Publication of new Public Service Reform Plan and Progress Report

Issued 14 January 2014

Howlinpic03Publication of new Public Service Reform Plan and Progress Report

The Minister for Public Expenditure and Reform, Brendan Howlin TD, and Minister of State for Public Service Reform and the Office of Public Works, Brian Hayes TD, today published the Government’s new Public Service Reform Plan 2014-2016 and the Second Progress Report on its previous Reform Plan.

Just over two years since the Government’s first Public Service Reform Plan was published, the new Public Service Reform Plan 2014-2016 builds on the progress made on implementing the first Reform Plan and sets out an ambitious new phase of reform.  The Second Progress Report on the Public Service Reform Plan 2011 sets out the real advances that the Public Service has made in reducing costs, improving productivity, more online delivery of services and the introduction of shared services, to name just some areas.

Minister Howlin, speaking at today’s launch, said that: “The new Reform Plan will set the basis for a new Public Service, one that is focused on delivering better outcomes for citizens and business customers; one that is efficient and responsive; and one in which public servants are empowered to meet the challenges and opportunities of the future.”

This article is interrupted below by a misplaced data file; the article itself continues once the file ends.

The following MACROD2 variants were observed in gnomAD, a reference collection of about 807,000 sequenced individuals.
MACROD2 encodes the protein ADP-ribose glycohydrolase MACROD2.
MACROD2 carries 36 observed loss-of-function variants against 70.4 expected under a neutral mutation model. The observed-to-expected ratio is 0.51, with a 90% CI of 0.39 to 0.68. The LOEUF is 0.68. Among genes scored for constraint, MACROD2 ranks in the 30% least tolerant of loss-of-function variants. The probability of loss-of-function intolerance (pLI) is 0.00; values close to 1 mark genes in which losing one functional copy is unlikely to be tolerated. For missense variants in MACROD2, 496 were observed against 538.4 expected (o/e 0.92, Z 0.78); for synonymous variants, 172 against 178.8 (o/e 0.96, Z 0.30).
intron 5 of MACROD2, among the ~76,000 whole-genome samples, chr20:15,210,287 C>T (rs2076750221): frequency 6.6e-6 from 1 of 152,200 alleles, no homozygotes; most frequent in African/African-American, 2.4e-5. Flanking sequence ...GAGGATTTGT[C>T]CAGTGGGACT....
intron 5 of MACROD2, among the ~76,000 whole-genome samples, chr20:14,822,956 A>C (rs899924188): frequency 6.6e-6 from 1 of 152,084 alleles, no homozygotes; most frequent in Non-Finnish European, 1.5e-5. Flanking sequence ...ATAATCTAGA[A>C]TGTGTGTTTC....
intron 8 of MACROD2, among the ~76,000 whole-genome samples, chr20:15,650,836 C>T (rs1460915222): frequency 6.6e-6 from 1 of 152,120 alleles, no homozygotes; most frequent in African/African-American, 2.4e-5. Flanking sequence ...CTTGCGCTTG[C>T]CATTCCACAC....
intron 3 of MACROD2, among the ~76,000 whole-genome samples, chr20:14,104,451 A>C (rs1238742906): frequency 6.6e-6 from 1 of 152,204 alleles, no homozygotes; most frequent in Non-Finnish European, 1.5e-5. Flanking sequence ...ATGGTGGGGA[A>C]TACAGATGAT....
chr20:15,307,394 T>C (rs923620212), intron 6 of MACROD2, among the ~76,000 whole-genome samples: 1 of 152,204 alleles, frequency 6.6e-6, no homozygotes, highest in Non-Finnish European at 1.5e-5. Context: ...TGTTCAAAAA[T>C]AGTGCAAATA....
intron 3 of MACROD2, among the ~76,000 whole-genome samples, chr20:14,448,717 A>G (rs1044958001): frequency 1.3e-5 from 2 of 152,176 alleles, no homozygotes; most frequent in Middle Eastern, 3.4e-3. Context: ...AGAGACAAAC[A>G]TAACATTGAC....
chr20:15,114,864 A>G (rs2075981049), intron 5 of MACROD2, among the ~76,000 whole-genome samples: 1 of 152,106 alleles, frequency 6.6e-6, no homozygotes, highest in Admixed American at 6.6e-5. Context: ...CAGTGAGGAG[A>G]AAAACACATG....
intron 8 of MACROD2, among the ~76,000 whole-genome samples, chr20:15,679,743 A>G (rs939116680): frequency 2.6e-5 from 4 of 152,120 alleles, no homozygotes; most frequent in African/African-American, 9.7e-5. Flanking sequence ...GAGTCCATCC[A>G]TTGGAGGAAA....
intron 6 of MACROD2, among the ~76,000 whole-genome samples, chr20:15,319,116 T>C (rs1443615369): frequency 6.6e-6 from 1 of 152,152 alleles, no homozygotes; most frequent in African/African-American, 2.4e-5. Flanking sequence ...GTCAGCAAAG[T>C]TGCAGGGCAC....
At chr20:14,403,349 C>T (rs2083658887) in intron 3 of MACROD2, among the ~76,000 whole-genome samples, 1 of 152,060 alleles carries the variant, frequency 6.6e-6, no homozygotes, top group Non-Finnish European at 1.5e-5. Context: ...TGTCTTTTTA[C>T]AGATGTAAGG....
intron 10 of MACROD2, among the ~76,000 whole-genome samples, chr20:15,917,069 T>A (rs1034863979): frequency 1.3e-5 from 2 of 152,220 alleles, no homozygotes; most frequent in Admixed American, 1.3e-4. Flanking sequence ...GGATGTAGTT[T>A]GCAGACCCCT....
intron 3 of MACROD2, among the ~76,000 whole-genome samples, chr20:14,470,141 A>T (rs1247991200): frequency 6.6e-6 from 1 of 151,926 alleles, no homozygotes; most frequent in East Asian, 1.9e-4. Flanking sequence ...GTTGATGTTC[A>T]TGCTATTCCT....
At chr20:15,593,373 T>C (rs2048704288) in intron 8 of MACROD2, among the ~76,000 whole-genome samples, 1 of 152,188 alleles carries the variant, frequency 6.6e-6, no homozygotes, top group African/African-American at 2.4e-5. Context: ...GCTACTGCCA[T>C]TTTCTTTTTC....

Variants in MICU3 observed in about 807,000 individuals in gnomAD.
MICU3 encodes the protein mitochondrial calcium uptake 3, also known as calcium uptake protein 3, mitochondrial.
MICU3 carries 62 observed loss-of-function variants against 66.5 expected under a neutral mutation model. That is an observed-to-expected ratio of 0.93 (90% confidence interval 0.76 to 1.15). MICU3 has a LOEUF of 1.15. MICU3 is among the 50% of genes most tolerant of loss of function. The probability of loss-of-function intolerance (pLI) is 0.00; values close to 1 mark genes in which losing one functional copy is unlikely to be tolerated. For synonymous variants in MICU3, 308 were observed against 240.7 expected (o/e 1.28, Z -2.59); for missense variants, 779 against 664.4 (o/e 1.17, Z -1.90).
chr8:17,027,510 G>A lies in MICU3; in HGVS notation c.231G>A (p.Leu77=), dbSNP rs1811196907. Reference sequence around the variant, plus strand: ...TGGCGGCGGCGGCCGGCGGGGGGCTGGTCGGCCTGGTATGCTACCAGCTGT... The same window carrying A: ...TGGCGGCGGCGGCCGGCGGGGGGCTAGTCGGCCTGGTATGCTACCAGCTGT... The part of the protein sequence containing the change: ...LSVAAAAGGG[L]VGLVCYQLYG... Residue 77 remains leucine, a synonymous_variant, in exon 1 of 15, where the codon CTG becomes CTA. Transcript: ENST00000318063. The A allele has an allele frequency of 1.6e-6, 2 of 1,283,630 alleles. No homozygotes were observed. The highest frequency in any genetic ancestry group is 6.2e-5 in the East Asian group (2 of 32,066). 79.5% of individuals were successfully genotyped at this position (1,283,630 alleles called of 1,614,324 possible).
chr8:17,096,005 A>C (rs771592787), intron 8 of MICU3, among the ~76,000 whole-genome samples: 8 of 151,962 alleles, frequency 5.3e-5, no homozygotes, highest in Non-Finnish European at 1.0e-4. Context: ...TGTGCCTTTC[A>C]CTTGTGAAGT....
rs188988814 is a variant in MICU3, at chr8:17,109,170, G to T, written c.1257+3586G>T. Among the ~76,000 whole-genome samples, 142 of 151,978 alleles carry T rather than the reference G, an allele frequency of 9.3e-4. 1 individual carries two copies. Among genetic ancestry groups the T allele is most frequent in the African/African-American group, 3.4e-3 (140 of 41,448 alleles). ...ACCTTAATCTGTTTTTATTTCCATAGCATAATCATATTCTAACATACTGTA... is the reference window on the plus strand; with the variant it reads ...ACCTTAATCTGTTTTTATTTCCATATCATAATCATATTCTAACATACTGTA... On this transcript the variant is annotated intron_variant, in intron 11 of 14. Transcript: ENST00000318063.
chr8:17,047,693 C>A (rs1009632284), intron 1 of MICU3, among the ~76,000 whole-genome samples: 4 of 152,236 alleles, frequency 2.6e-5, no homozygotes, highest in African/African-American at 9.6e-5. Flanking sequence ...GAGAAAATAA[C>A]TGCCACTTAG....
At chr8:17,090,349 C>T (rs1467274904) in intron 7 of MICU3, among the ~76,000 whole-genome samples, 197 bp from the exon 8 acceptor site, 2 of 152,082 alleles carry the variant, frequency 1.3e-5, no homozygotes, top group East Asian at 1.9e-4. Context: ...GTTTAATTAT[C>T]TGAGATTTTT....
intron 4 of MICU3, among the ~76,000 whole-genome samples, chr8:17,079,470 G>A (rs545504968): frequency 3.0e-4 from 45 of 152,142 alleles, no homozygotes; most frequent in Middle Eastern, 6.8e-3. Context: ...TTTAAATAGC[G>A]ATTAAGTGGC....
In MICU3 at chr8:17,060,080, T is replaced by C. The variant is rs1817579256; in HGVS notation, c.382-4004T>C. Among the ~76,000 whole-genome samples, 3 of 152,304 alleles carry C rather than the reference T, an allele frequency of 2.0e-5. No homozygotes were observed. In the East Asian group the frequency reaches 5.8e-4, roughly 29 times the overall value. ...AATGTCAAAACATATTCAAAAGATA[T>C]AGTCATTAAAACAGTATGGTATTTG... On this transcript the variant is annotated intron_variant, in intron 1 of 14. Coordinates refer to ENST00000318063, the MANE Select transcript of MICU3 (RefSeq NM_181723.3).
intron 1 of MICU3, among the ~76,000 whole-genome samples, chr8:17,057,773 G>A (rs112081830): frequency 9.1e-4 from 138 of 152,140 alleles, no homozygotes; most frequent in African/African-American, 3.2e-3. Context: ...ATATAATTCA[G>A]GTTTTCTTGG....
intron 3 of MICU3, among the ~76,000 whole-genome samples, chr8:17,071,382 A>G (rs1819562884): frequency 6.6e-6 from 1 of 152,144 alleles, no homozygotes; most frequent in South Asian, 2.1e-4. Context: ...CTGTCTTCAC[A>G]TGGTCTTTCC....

Minister of State Hayes acknowledged the progress made, and also the need to maintain the focus on delivery: “While we have made considerable progress in terms of Public Service reform, we still have further work to do.  We must continue to drive the implementation of the Reform Programme with energy and commitment.”  

PublicServiceReform01The new Public Service Reform Plan 2014-2016 sets out ambitious objectives and actions for Public Service Reform over the next three years.  Under the Plan, the reform agenda will be about protecting and improving public services.




There are four key themes running through the new Reform Plan:

  • delivery of improved outcomes for service users - based on using alternative models of service delivery and improvements in service delivery at sectoral and organisational levels;
  • achieving and utilising the “reform dividend” - freeing up resources by making existing processes more cost effective and efficient, and using the savings to invest in improved services;
  • greater digitalisation and use of open data - to deliver services and information in innovative ways; and
  • more openness, transparency and accountability - to strengthen trust in government and public services, and to enhance public governance.

The Government’s reform programme has been dynamic and responsive and will continue to be so.  The Public Service Reform Plan 2014-2016 builds on the progress made to date and puts the Public Service in a position to meet the new challenges and new opportunities that will arise in the coming years.

For an interactive version of the Public Service Reform Plan 2014 – 2016 see